Protecting SCADA Systems from Cyber-Attacks

3 min read
June 24, 2021 at 3:00 PM

Supervisory control and data acquisition (SCADA) is a control system architecture comprising computers, networked data communications and graphical user interfaces (GUI) for high-level process supervisory management, while also comprising other peripheral devices like programmable logic controllers (PLC) and discrete proportional-integral-derivative (PID) controllers to interface with process plant or machinery. SCADA systems are commonly utilized in industries such as energy, oil and gas, water, power, manufacturing, and many more.

Both the scale and frequency of cyberattacks on SCADA systems has been growing recently. This past February, hackers broke into a water treatment facility in Florida, gained access to an internal ICS platform and changed chemical levels, attempting to making the water unsafe to consume. Luckily, a plant operator immediately noticed and corrected the chemical levels. This type of attack highlights the extreme consequences that attacks on our nation’s SCADA systems can have. To assist SCADA organizations in enhancing their cybersecurity posture, Compass IT Compliance has developed the following checklist of recommendations and best practices:

The Non-Patched Question

A significant number of SCADA systems have not had their operating system (OS) patched for a long time

  • Recommend asking your SCADA vendor to clearly provide a step-by-step guidance for patching the OS underlying your system

Improve Authentication

SCADA software has a very basic authentication and authorization, a malicious attacker can very easily crack it and penetrate a SCADA environment

  • Recommend configuring the authentication per user and to use authorization and logging controls
  • A token-based authentication can be implemented

The Data-Communication Threat

Many SCADA protocols were created before the internet era and are not adapted to the web environment

  • Identify if the SCADA environment is employing the latest protocols
    • Ensure that they are configured to use the new features; if upgrades are not available, evaluate if there is a way to use a secure channel for communication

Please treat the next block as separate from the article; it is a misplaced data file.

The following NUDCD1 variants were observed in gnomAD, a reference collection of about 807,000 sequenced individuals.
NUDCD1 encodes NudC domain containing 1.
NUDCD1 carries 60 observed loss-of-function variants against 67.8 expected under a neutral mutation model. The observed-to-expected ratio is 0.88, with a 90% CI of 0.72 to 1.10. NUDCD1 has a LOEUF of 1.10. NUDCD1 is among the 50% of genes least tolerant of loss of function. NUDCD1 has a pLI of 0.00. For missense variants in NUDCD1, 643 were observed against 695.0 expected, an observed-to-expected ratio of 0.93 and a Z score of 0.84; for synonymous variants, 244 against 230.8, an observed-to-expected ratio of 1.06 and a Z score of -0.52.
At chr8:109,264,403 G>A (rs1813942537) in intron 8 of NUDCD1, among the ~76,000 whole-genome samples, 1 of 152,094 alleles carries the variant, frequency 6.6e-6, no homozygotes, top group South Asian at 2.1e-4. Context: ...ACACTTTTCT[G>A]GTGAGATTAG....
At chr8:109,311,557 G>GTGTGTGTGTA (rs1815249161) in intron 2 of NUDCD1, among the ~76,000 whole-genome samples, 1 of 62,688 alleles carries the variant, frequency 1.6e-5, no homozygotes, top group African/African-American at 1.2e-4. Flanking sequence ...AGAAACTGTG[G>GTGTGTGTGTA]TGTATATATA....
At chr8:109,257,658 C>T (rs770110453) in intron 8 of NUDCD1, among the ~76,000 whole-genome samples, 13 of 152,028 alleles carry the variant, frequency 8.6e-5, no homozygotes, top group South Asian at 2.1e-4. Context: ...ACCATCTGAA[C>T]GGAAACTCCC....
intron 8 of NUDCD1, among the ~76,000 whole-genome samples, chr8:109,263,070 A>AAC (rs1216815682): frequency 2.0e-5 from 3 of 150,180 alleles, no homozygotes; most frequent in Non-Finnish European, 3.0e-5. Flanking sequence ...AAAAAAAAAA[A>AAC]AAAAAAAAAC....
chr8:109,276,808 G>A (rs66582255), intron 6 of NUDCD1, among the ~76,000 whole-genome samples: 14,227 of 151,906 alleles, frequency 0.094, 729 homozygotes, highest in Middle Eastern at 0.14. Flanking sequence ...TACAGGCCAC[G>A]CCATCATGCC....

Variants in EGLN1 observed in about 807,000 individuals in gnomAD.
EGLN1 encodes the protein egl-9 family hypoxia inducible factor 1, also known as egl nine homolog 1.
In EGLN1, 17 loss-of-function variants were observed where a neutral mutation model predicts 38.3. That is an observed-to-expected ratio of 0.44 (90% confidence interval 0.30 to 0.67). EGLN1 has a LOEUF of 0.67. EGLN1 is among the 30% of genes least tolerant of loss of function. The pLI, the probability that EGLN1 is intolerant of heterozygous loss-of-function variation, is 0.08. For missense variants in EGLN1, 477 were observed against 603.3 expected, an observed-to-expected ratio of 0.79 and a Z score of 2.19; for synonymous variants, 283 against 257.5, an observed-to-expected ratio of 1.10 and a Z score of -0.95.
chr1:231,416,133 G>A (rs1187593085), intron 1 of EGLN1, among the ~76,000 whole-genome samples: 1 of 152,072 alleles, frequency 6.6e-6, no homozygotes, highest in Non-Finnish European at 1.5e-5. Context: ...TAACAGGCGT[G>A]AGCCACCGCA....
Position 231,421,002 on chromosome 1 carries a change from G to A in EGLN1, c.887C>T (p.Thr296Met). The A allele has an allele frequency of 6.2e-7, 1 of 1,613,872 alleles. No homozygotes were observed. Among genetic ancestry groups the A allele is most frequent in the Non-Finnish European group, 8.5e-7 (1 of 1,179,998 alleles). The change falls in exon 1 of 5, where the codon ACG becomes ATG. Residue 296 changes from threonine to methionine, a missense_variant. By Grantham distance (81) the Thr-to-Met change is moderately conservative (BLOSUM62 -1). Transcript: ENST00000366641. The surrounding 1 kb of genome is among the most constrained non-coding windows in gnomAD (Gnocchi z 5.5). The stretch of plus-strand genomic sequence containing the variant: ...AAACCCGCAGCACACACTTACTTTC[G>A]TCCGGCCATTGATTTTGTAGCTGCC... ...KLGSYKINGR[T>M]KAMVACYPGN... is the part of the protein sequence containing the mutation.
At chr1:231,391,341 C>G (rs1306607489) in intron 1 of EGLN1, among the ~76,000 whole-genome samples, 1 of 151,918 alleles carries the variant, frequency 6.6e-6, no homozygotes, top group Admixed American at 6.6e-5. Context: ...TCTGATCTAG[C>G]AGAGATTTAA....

Assess Remote Sites Connected to the SCADA Network

  • Any location that is connected to the SCADA network is a potential target for attacks
    • Conduct a physical security survey and inventory access points at each facility that has a connection to the SCADA system

Involve Top Management

Management should establish clear directions regarding its expectations in terms of cybersecurity performance on SCADA environments and interconnecting systems

Steps to Securing SCADA

  • Identify all connections to SCADA networks
  • Disconnect unnecessary connections to the SCADA network
  • Evaluate and strengthen the security of any remaining connections to the SCADA network
  • Harden SCADA networks by removing or disabling unnecessary services
  • Do not rely on proprietary protocols to protect your system, implement proper authentication and authorization mechanisms
  • Implement the security features provided by device and system vendors
  • Establish strong controls over any medium that is used as a backdoor into the SCADA network
  • Implement internal and external intrusion detection systems and establish 24-hour-a-day incident monitoring
  • Perform technical audits of SCADA devices and networks, and any other connected networks, to identify security concerns
  • Conduct physical security surveys and assess all remote sites connected to the SCADA network to evaluate their security
  • Establish SCADA “Red Teams” to identify and evaluate possible attack scenarios
  • Establish a network protection strategy based on the principle of defense-in-depth along with a risk management process
  • Clearly identify cybersecurity requirements and processes employed to assess the network regularly for known vulnerabilities
  • Establish effective configuration management process
  • Establish system backups and disaster recovery plans
  • Establish policies and conduct training to minimize the likelihood that organizational personnel will inadvertently disclose sensitive information regarding SCADA system design, operations, or security controls in place

Following the best practices listed above is only the first step. All organizations should be conducting some form of security assessment with a trusted third-party assessor at least annually, to have an unbiased set of eyes confirm that all risks are being mitigated as much as possible. Compass IT Compliance has spent the past decade serving as that trusted, highly certified third-party IT security assessor for numerous SCADA organizations across the United States. Contact us today to speak with one of our security experts and discuss your unique situation!

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